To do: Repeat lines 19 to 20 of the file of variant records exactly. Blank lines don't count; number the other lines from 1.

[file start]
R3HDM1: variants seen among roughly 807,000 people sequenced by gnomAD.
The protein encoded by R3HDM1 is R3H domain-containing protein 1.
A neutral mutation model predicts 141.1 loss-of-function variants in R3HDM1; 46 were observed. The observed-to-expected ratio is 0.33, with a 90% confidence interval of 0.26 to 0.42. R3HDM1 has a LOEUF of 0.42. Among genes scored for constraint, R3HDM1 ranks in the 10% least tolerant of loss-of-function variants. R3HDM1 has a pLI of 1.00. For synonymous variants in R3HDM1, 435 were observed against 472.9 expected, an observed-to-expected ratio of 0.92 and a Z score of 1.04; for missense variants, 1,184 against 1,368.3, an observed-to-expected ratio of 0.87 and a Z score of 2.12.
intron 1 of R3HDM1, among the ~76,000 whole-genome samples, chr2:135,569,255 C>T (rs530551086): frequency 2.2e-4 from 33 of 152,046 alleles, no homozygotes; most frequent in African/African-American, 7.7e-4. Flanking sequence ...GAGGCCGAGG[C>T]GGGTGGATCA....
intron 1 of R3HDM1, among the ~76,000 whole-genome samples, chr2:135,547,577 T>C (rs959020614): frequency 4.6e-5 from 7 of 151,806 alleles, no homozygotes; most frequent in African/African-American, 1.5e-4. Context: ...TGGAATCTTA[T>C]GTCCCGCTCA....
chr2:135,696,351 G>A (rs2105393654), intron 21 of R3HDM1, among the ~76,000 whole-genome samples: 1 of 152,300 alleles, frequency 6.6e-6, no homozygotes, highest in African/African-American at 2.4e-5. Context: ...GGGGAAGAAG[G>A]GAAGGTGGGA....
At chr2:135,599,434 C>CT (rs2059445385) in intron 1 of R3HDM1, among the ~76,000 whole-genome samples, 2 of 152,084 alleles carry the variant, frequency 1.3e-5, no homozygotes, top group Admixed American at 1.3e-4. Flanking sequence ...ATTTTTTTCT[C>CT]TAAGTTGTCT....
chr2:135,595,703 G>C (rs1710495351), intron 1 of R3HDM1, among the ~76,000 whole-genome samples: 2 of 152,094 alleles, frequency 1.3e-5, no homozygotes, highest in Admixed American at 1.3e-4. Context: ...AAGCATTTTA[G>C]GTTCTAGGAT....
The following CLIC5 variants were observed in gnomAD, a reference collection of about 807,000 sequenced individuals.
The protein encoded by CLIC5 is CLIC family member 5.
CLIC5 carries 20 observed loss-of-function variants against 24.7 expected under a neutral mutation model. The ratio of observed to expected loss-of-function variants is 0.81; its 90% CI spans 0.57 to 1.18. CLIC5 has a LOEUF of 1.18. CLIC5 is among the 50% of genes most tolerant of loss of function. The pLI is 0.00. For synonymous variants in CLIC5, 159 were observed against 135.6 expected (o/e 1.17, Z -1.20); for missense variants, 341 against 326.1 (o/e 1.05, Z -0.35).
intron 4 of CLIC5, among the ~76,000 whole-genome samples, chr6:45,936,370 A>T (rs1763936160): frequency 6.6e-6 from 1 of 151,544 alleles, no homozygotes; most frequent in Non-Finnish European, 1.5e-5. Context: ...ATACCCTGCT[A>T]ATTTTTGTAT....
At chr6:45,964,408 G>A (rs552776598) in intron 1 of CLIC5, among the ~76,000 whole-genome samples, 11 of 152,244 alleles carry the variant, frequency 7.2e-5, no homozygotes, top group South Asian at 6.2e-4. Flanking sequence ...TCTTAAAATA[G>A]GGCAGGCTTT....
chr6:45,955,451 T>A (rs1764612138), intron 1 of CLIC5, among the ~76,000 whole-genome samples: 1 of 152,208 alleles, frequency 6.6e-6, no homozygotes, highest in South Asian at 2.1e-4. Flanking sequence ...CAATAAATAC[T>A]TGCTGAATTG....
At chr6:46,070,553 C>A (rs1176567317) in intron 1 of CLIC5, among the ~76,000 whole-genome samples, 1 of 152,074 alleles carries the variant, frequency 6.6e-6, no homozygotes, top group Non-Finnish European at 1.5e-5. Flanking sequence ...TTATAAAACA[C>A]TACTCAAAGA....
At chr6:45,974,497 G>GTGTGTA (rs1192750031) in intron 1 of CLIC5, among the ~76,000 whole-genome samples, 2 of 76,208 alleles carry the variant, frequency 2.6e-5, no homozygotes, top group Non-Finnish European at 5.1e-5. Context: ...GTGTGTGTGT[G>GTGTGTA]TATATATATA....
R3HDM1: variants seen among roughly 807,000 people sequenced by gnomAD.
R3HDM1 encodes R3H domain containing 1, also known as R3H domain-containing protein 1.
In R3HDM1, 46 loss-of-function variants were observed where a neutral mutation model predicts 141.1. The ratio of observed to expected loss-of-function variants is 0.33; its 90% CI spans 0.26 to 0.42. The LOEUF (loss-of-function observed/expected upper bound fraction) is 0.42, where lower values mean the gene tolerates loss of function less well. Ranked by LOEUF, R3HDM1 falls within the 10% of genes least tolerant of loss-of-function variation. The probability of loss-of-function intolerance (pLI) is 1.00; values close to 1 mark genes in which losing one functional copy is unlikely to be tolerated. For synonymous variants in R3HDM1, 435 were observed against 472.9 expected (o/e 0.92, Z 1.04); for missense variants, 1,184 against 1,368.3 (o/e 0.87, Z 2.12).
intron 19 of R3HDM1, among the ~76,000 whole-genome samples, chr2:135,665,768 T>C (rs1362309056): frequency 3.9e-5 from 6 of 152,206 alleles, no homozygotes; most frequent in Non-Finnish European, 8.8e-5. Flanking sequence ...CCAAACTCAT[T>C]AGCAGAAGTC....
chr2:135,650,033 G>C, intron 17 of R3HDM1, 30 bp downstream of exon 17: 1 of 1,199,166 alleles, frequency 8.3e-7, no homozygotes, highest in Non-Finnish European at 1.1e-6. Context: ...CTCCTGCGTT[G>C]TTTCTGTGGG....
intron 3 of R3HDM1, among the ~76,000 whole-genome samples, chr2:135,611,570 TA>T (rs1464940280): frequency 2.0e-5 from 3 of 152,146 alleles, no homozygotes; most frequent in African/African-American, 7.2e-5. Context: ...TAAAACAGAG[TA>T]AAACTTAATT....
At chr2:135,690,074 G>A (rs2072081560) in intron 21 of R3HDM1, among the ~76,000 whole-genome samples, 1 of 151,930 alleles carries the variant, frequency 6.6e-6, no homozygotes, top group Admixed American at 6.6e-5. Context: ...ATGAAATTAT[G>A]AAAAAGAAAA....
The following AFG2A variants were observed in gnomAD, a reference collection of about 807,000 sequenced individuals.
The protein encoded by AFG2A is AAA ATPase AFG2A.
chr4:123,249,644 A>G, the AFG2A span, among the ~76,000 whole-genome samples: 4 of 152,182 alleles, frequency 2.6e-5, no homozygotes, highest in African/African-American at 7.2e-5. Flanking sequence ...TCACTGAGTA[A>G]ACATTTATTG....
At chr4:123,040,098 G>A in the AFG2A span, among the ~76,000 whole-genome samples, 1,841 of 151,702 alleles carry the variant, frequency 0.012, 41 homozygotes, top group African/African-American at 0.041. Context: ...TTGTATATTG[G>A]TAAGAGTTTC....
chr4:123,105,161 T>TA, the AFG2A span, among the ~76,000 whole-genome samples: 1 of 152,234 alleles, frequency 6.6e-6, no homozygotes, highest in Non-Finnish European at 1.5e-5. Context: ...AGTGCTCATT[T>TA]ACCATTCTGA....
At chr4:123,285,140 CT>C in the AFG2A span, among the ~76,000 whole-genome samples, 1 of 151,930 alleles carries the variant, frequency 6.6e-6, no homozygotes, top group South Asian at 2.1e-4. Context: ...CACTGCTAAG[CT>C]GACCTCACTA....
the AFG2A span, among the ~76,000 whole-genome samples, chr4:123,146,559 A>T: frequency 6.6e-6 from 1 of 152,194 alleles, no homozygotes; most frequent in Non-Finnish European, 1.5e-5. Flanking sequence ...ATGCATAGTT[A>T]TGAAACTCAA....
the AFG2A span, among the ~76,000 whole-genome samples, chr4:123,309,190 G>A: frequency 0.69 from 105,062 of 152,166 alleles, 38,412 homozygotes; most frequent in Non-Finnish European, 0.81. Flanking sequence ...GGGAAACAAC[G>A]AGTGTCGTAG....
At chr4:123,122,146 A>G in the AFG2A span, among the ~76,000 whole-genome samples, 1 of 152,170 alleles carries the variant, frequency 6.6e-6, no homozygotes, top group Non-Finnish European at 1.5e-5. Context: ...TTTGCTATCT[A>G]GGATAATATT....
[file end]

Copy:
In R3HDM1, 46 loss-of-function variants were observed where a neutral mutation model predicts 141.1. The ratio of observed to expected loss-of-function variants is 0.33; its 90% CI spans 0.26 to 0.42. The LOEUF (loss-of-function observed/expected upper bound fraction) is 0.42, where lower values mean the gene tolerates loss of function less well. Ranked by LOEUF, R3HDM1 falls within the 10% of genes least tolerant of loss-of-function variation. The probability of loss-of-function intolerance (pLI) is 1.00; values close to 1 mark genes in which losing one functional copy is unlikely to be tolerated. For synonymous variants in R3HDM1, 435 were observed against 472.9 expected (o/e 0.92, Z 1.04); for missense variants, 1,184 against 1,368.3 (o/e 0.87, Z 2.12).
intron 19 of R3HDM1, among the ~76,000 whole-genome samples, chr2:135,665,768 T>C (rs1362309056): frequency 3.9e-5 from 6 of 152,206 alleles, no homozygotes; most frequent in Non-Finnish European, 8.8e-5. Flanking sequence ...CCAAACTCAT[T>C]AGCAGAAGTC....